The Content is general information only. It is not intended to constitute legal advice or seek to be the complete and comprehensive statement of the law, nor is it intended to address your specific requirements or provide advice on which reliance should be placed. Mondaq and/or its Contributors and other suppliers make no representations about the suitability of the information contained in the Content for any purpose. All Content provided "as is" without warranty of any kind. Mondaq and/or its Contributors and other suppliers hereby exclude and disclaim all representations, warranties or guarantees with regard to the Content, including all implied warranties and conditions of merchantability, fitness for a particular purpose, title and non-infringement. To the maximum extent permitted by law, Mondaq expressly excludes all representations, warranties, obligations, and liabilities arising out of or in connection with all Content. In no event shall Mondaq and/or its respective suppliers be liable for any special, indirect or consequential damages or any damages whatsoever resulting from loss of use, data or profits, whether in an action of contract, negligence or other tortious action, arising out of or in connection with the use of the Content or performance of Mondaq’s Services.

General

Mondaq may alter or amend these Terms by amending them on the Website. By continuing to Use the Services and/or the Website after such amendment, you will be deemed to have accepted any amendment to these Terms.

These Terms shall be governed by and construed in accordance with the laws of England and Wales and you irrevocably submit to the exclusive jurisdiction of the courts of England and Wales to settle any dispute which may arise out of or in connection with these Terms. If you live outside the United Kingdom, English law shall apply only to the extent that English law shall not deprive you of any legal protection accorded in accordance with the law of the place where you are habitually resident ("Local Law"). In the event English law deprives you of any legal protection which is accorded to you under Local Law, then these terms shall be governed by Local Law and any dispute or claim arising out of or in connection with these Terms shall be subject to the non-exclusive jurisdiction of the courts where you are habitually resident.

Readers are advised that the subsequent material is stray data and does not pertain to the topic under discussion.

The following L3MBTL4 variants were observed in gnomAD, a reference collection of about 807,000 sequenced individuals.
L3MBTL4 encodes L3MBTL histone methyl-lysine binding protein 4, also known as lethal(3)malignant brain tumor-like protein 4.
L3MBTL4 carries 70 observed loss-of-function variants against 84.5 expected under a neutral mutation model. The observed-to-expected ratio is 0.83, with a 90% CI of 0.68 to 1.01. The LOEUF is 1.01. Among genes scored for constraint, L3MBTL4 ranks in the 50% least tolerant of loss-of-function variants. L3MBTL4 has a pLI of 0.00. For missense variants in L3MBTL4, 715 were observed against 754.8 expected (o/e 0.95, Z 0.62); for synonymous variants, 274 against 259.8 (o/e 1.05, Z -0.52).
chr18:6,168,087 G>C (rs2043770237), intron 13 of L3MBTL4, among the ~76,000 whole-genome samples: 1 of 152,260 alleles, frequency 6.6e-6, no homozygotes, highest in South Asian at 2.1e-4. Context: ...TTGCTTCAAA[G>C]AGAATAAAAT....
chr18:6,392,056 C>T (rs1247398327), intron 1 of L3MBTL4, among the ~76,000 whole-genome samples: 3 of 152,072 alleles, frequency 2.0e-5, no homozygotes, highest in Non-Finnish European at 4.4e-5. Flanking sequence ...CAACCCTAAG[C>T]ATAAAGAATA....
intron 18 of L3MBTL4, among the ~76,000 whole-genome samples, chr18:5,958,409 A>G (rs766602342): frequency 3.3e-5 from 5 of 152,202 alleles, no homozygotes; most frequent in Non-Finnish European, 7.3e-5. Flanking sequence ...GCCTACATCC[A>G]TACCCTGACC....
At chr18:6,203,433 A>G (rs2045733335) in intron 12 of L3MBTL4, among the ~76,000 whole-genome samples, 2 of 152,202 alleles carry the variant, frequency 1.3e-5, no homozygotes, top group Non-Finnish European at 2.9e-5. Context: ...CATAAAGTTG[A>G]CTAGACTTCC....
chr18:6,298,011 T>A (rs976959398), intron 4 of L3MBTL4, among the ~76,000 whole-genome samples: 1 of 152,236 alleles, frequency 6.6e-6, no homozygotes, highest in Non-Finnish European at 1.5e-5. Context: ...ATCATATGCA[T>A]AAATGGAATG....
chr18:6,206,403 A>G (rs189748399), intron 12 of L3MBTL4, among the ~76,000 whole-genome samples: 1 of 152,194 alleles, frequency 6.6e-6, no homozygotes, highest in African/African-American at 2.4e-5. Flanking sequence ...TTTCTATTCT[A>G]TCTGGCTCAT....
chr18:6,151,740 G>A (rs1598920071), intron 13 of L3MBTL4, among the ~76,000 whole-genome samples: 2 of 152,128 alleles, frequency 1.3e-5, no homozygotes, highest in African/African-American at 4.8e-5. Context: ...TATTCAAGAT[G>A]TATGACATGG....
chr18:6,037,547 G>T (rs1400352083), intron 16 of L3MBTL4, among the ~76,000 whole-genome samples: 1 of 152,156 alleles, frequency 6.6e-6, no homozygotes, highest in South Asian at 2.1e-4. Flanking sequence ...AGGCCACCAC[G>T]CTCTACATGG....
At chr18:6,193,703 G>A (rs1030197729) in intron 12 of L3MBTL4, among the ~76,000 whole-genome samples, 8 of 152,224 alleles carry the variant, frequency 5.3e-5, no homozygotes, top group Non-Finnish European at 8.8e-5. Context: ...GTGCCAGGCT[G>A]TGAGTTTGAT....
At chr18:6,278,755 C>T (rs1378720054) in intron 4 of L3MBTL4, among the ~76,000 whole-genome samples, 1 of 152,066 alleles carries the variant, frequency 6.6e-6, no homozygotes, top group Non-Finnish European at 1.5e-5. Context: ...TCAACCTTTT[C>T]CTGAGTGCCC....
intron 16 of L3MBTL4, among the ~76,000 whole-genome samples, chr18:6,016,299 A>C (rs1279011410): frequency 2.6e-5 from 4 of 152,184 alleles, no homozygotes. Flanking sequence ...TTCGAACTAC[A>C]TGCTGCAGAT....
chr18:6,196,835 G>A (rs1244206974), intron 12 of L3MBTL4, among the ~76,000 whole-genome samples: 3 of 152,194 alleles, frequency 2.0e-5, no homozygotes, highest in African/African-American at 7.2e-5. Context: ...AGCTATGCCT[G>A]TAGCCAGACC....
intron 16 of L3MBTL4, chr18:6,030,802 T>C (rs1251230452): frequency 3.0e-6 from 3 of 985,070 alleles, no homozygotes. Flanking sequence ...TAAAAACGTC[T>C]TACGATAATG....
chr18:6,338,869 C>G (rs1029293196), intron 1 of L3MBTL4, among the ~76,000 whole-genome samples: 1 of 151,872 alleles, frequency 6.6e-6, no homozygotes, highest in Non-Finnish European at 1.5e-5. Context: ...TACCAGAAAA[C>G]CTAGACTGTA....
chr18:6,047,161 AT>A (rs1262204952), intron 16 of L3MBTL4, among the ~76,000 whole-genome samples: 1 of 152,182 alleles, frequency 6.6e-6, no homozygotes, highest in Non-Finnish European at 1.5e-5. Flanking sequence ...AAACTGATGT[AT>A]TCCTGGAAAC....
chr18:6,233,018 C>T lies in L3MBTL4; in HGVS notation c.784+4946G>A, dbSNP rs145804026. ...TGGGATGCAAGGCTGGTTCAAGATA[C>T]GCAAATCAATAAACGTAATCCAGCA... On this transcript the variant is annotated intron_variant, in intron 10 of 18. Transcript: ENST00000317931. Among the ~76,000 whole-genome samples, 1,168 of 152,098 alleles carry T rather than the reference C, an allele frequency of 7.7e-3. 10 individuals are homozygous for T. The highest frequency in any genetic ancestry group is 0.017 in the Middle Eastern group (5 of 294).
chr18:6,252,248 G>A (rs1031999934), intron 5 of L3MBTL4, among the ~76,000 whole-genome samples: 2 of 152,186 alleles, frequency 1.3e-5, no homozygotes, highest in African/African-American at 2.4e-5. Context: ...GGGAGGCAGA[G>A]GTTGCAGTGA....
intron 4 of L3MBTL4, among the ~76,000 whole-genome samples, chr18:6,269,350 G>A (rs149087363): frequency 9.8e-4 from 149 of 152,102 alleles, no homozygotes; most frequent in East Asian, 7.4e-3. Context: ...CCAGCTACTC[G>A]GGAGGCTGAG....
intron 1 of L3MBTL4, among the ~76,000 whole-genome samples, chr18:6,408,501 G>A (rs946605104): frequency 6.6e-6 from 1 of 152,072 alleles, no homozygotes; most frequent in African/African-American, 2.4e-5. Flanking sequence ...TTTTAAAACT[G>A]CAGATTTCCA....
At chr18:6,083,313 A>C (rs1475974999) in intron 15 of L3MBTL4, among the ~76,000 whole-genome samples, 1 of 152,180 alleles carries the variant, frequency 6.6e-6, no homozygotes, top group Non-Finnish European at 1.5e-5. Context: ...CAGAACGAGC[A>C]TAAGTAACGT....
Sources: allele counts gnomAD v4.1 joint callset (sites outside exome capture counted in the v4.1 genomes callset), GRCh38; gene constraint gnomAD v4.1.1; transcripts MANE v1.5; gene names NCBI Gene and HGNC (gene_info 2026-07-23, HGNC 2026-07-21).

You may print and keep a copy of these Terms, which form the entire agreement between you and Mondaq and supersede any other communications or advertising in respect of the Service and/or the Website.

No delay in exercising or non-exercise by you and/or Mondaq of any of its rights under or in connection with these Terms shall operate as a waiver or release of each of your or Mondaq’s right. Rather, any such waiver or release must be specifically granted in writing signed by the party granting it.

If any part of these Terms is held unenforceable, that part shall be enforced to the maximum extent permissible so as to give effect to the intent of the parties, and the Terms shall continue in full force and effect.

Mondaq shall not incur any liability to you on account of any loss or damage resulting from any delay or failure to perform all or any part of these Terms if such delay or failure is caused, in whole or in part, by events, occurrences, or causes beyond the control of Mondaq. Such events, occurrences or causes will include, without limitation, acts of God, strikes, lockouts, server and network failure, riots, acts of war, earthquakes, fire and explosions.

By clicking Register you state you have read and agree to our Terms and Conditions